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5 Aspects of UK’s Fintech dominance: No. 2 – Capital

In our previous post on the UK Fintech ecosystem, we looked at the demand for Fintech solutions as a key growth factor to its thriving financial technology industry.

In this post, we’ll take a deeper look at how a healthy capital investment outlook can really push an industry to new heights.

Fintech startups need investment (in the form of seed investment rounds from Angel or VC investors) to bring their ideas to life and their innovative products to market, while more established players need further investment rounds (perhaps from Private Equity firms and VC’s) to expand their product offerings into more markets.

Typically, the more investment there is in a market, the more investor confidence will grow and the more stable the market will become, which, in turn, will then again lead to more investment into the market..

This growth loop is exactly what we are seeing in the UK Fintech sector.

In the report published by GOV.UK’s Department for International Trade, they highlight that more Fintech investment poured into the UK in 2017 (£1.34 billion to be exact) than anywhere else in Europe.

But the first half of 2018 completely overshadowed this amount. According to figures released by KPMG, the UK saw an influx of $16 billion (around £12 billion) Fintech investment in the first six months of 2018, more than half of the $26 billion total for Europe, and well above the $14 billion of the US.

Vantiv’s acquisition of WorldPay (a leading global e-commerce, omni-channel payments platform), did, however, have a majority influence on this figure, as that transaction made up $12.9 billion of the UK’s $16 billion total.

In addition to total number of Fintech deals, the UK is also among the top countries when it comes to the concentration of Fintech unicorns (startups with a value of $1 billion or more), with companies such as Funding Circle (peer-to-peer lender for business loans), Revolut (a digital alternative banking platform that provides services such as Free international money transfers and fee-free global spending) , TransferWise(leading online international money transfer app that’s cheaper and faster than traditional banks) and Atom Bank (digital only bank designed specifically for easy smartphone and tablet interaction and integration) making up part of its unicorn population.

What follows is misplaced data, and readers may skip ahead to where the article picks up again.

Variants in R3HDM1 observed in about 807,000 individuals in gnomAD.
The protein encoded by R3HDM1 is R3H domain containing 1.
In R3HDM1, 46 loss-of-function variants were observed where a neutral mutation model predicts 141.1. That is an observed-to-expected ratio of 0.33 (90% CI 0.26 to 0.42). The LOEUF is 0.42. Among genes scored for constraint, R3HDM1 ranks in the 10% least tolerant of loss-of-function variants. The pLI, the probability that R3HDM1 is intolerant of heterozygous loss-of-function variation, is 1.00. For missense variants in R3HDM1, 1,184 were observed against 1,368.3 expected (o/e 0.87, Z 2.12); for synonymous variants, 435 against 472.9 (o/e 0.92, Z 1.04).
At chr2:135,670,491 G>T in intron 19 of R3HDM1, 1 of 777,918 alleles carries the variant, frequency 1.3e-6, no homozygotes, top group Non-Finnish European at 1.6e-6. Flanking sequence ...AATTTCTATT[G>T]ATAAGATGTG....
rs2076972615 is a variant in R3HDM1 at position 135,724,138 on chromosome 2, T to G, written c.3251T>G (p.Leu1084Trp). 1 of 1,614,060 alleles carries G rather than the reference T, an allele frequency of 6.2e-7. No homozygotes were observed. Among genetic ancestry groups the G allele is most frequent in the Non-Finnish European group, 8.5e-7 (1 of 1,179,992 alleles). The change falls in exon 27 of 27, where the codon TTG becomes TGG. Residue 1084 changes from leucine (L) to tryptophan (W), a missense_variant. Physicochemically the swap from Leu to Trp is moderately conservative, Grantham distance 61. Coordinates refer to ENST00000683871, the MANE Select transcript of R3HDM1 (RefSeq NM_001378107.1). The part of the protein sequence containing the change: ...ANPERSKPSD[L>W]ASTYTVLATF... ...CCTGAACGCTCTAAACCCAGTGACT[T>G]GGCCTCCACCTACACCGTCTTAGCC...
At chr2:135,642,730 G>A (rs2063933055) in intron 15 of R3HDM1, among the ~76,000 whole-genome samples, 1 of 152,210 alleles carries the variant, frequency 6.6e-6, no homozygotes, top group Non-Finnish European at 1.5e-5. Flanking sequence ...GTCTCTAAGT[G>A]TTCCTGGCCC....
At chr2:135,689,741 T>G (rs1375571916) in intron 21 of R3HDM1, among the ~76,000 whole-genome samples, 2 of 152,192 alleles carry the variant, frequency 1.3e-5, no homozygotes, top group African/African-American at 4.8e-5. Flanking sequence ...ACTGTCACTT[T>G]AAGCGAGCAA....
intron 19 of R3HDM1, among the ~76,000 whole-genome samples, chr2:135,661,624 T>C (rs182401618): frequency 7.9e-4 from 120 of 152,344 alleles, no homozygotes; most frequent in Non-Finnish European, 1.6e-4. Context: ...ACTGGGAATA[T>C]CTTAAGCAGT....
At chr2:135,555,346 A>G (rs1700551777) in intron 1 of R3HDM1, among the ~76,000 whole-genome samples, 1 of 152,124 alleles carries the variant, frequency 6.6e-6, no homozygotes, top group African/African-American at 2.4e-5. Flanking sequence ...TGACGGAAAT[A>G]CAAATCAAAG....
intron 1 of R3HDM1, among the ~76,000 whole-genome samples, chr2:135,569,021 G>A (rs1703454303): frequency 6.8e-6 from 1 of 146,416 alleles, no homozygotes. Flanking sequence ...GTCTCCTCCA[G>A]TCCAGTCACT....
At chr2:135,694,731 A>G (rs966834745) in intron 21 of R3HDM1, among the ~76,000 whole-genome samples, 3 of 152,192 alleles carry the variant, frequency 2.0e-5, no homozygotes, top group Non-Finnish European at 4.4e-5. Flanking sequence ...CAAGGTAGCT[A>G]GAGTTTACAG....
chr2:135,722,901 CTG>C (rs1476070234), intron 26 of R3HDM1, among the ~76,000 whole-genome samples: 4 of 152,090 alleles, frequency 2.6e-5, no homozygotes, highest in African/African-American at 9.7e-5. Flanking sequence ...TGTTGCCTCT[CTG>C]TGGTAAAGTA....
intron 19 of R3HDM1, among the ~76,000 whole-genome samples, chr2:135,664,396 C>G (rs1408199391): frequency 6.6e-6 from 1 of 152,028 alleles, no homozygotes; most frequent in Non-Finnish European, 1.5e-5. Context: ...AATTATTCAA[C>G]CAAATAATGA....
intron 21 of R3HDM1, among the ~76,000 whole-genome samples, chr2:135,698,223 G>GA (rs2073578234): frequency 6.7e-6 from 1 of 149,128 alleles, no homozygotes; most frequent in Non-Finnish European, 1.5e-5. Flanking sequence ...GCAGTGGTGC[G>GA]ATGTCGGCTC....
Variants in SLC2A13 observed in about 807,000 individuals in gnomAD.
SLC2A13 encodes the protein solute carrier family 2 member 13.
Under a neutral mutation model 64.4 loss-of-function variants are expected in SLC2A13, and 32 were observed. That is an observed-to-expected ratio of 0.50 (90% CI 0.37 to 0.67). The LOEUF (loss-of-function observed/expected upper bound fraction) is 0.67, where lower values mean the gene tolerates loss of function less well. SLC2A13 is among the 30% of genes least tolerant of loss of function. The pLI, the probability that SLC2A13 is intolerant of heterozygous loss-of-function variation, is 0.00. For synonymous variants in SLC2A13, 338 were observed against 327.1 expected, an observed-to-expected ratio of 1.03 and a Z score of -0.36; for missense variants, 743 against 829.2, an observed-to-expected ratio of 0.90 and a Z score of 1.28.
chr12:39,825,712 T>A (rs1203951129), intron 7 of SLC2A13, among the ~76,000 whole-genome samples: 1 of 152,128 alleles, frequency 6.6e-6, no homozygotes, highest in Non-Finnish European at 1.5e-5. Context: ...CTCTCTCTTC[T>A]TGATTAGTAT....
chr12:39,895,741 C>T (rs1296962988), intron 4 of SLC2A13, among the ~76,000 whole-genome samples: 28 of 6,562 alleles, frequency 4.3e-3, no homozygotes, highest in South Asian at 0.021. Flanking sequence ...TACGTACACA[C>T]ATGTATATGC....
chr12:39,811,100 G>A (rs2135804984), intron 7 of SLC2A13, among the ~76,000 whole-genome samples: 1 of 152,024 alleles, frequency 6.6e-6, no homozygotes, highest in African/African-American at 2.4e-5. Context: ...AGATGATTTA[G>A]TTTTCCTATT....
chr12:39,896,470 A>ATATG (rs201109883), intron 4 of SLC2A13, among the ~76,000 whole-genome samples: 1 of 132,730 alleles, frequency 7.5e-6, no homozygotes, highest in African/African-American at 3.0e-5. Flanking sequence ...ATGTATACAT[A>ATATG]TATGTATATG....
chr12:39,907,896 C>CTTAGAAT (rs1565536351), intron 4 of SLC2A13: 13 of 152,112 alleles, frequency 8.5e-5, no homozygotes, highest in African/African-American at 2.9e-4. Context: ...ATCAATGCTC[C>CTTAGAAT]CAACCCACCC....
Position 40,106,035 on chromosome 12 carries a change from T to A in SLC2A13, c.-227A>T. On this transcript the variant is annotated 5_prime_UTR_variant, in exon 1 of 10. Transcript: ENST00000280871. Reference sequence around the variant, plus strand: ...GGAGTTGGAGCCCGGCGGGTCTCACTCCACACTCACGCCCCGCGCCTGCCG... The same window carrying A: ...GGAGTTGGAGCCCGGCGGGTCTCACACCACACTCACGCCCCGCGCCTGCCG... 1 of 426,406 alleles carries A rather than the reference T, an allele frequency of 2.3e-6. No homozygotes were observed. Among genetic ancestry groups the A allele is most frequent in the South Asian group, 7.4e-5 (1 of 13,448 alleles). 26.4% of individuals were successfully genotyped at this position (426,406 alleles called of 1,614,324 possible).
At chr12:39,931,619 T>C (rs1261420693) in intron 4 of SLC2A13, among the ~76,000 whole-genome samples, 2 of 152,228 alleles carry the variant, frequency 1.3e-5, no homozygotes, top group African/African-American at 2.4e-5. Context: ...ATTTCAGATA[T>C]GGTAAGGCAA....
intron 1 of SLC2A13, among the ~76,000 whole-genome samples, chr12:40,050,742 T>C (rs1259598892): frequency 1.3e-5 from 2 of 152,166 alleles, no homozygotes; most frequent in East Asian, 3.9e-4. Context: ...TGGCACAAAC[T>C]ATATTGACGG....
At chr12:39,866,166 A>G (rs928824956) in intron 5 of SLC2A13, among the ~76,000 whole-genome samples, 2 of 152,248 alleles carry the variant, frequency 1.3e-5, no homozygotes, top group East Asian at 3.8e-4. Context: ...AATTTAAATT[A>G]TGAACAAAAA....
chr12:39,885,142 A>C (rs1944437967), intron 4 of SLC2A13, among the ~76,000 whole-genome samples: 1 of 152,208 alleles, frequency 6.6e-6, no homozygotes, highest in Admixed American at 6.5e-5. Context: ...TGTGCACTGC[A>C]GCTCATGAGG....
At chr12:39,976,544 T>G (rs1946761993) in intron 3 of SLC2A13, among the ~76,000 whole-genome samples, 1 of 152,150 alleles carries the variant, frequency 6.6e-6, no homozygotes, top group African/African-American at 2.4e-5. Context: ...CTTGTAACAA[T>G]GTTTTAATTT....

London also remains an important strategic Fintech hub within the UK.

A very liquid VC market means that the London Stock Exchange (LSE) has played host to some of the world’s biggest Fintech IPO’s (Initial Public Offerings), including the £2.48 billioncapital that was raised in WorldPay’s 2015 float. 

This liquidity in the investment markets means the LSE continues to play a key role in attracting Fintech startups from across Europe who wants to scale and grow their operations to international levels in the UK.

The UK also has one of the largest communities of Angel investors with over 160 member organisations and 18,000 investors, according to the UKBAA (UK Business Angels Association). Together these organisations and individuals invest a combined £1.5 billion per year in startups and early-stage companies.

Finally, the government’s favourable tax treatment for companies that invest in startups only adds to UK’s Fintech investment prowess. The Seed Enterprise Investment Scheme (SEIS) from HMRC’s, for example, qualifies investors for a 50% relief on income tax and an exemption from inheritance and capital gains tax.

All this provides a fairly good reason to why more than 60% of Europe’s Fintech startups are now based in the UK and expected to contribute £300 billion to the country’s economy by 2020.

In the next article, we’ll look at how the UK’s forward-looking regulatory landscape and robust digital infrastructure keep Britain on top in the Fintech rankings.

You can download the full GOV.UK Fintech report by clicking here.